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Jun 17, 2011

Previously, I was telling you stories about medieval composers whose dates of birth and date are unknown. There were also famous composers, whose first name or last name is not definitely established. Today’s story is about famous composer of the late medieval composer, whose point of origin and nation that he came from are still a mystery, along with other details mentioned above.

Historians are so puzzled, that they simply call him European composer. They still argue whether he was Flemish or Italian.  And they call him Egardus, although, they are not sure that this is his name at all.  His name, a copy of one of his works in a Flemish manuscript  suggest a Northern origin. Yet all of his works are found in Northern Italian manuscripts with one exception. And that exception, a Polish manuscript, has strong Italian connections.

Only several compositions of Egardus survived. They sound less complex than other mid-century composers, but this lack of complexity can be attributed to an early date for his works. So, I guess, this is an opportunity for discovery, because all other attempts by prestigious experts failed. The only thing that may be stated with a not of hesitancy is that Egardus lived somewhere in between the late fourteenth and early fifteenth centuries.

Nov 14, 2008

I was interested in the development of magic rituals and traditions in Greco-Roman world. During my research in archives of web analytics company I found some interesting facts about it.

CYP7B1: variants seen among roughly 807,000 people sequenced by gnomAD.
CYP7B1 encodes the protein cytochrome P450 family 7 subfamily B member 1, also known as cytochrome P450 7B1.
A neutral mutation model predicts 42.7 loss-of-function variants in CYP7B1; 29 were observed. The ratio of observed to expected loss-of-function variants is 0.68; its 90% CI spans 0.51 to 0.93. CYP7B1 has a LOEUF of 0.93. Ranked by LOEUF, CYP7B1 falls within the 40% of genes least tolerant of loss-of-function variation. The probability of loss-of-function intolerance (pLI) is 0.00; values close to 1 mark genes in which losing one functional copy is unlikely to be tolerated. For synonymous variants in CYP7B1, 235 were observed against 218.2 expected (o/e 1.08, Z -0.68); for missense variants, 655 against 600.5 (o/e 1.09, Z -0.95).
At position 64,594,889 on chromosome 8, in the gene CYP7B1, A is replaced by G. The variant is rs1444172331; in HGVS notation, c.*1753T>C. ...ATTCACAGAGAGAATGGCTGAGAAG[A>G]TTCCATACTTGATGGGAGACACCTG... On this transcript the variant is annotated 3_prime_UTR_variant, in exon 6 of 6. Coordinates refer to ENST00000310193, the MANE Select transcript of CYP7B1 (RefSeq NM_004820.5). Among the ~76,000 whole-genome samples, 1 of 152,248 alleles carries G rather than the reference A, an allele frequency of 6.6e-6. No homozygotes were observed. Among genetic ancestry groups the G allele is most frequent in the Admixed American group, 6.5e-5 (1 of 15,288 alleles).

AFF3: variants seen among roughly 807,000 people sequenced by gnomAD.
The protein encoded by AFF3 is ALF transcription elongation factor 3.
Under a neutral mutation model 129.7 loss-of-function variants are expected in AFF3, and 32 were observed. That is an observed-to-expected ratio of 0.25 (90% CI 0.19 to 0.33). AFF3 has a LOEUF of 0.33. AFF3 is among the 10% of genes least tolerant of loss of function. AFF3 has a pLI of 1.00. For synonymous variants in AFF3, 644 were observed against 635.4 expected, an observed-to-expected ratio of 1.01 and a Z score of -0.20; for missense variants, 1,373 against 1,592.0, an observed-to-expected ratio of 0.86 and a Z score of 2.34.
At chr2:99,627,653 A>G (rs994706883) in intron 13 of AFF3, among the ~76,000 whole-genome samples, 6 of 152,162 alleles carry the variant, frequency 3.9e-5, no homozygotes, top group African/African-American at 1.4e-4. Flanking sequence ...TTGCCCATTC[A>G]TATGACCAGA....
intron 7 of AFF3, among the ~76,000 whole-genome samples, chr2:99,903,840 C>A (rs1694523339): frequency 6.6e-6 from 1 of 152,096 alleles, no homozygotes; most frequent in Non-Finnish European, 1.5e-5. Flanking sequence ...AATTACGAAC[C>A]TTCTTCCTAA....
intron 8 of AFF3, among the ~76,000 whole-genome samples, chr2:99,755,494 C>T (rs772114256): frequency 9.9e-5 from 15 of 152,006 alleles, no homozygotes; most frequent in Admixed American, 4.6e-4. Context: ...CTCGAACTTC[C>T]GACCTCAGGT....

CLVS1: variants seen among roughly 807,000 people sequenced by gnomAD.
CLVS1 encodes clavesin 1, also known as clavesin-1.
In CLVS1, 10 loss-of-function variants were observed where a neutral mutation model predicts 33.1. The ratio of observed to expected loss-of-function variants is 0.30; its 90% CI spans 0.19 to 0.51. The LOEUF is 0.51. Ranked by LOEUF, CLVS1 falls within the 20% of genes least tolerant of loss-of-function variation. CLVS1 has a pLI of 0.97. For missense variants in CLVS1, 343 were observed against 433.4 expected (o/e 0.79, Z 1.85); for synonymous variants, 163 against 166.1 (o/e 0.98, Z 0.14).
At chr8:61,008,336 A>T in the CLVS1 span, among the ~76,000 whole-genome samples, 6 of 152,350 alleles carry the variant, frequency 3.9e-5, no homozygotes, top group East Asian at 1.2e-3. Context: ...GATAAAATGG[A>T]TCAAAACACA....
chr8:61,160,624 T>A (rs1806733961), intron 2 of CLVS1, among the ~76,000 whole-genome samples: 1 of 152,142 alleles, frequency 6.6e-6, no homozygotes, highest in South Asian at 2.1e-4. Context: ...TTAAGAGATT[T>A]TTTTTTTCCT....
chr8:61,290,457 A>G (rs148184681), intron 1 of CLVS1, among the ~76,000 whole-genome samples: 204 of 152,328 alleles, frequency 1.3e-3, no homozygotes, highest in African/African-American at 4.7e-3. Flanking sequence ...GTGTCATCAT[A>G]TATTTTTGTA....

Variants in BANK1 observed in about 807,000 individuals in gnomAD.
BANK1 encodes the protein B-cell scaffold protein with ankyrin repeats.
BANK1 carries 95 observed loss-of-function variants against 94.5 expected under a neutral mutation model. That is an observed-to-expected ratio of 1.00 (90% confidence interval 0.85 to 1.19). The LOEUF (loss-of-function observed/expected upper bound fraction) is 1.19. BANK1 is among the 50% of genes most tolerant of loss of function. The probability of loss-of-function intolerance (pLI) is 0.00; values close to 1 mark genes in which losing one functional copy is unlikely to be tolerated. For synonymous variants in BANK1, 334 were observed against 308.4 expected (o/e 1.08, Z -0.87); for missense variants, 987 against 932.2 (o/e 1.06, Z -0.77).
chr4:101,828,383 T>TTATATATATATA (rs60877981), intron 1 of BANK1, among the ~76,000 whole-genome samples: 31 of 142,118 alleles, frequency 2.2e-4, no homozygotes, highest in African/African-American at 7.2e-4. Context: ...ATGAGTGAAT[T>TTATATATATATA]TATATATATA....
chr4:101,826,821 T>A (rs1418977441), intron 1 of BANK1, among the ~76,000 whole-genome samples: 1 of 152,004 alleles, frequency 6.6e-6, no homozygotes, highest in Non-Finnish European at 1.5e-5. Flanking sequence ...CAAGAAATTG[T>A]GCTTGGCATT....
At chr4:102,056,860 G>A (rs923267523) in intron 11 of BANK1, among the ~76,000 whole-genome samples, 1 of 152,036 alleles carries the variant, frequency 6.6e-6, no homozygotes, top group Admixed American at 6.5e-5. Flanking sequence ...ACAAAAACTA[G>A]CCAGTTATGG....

It seems, that a huge interest in magic was on the rise in the Hellenistic period, especially around 3d century b.c. Piles of texts, both literary and some from actual practitioners, in Greek and in Latin came to us from this time. Truly speaking, a lot of existing magical papyri was written in the first centuries after Christ, but the manuscripts’ concepts, formulas and rituals reflect the earlier Hellenistic period. These magical papyri are no doubt only a fraction of the magical literature available in antiquity. The ascendancy of orthodox Christianity by the 5th century CE had much to do with this. This is reflected by the book of Acts where the Apostle Paul convinces many Ephesians to bring out their magical books and burn them.

The language of the magical texts reflects various levels of literary skill. Generally they are standard Greek, and may well be closer to the spoken language of the time than to poetry or artistic prose left to us in literary texts. Many terms are borrowed from the mystery cults. The texts are often written as we might write a recipe. In other words the magic requires certain ingredients. Of course it is not just as simple as knowing how to put a recipe together. Appropriate gestures, at certain points in the magical ritual, are required to accompany the ingredients, different gestures it would seem produce various effects.


 

 
 
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Ekaterina G.
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Delray Beach, FL, USA
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